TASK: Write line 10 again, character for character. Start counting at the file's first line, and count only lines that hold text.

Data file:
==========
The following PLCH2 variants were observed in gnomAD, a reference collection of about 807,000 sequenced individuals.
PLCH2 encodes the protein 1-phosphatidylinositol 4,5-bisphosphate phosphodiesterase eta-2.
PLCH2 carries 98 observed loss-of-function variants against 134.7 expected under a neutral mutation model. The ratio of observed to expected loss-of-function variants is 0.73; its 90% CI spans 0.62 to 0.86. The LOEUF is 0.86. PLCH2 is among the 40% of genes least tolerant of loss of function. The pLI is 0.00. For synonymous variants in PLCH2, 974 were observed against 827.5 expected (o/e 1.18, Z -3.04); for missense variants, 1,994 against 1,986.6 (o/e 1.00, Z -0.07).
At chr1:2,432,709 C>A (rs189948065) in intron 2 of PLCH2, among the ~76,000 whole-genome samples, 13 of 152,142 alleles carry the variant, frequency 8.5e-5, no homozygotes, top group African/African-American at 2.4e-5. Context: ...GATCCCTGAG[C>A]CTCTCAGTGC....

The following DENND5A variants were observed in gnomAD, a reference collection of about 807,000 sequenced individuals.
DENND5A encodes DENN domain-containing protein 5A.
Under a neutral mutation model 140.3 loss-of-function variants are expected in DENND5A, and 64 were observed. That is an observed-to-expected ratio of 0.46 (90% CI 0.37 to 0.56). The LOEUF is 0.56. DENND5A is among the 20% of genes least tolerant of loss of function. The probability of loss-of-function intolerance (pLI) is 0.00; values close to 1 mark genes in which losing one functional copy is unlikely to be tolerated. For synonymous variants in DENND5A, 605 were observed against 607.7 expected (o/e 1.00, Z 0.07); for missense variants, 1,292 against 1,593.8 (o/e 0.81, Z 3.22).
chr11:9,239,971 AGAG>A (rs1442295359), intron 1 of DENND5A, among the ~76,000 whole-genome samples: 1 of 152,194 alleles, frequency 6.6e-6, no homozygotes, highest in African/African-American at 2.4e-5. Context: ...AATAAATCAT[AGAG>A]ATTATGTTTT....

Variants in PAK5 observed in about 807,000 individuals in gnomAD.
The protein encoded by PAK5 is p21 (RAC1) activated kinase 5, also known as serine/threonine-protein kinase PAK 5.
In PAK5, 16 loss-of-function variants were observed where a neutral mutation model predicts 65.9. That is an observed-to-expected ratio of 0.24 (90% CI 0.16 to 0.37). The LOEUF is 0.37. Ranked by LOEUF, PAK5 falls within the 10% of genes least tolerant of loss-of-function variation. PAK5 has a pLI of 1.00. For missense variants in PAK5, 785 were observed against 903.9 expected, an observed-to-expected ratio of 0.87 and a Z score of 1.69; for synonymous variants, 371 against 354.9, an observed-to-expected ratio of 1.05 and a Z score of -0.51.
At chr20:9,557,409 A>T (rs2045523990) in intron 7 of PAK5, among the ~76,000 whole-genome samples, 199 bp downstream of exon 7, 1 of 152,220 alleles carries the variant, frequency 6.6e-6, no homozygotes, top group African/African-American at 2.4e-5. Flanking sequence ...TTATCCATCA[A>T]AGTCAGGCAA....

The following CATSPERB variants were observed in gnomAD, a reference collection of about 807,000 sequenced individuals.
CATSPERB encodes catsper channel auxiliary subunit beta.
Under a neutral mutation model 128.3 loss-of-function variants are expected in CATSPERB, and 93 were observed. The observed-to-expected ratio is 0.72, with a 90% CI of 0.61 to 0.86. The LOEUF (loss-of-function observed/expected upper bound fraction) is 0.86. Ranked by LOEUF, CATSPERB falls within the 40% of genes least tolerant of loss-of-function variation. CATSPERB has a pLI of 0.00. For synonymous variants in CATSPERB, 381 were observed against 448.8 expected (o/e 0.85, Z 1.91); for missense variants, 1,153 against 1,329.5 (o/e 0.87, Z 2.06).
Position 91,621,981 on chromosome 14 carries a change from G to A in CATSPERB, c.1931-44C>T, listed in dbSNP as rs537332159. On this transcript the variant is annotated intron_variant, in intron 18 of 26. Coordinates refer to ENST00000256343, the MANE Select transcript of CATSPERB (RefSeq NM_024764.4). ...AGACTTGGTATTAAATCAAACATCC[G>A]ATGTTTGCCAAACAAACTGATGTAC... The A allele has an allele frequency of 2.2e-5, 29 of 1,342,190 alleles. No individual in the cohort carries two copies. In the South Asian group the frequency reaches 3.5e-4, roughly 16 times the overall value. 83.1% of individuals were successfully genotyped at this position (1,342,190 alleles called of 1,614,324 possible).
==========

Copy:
The protein encoded by PAK5 is p21 (RAC1) activated kinase 5, also known as serine/threonine-protein kinase PAK 5.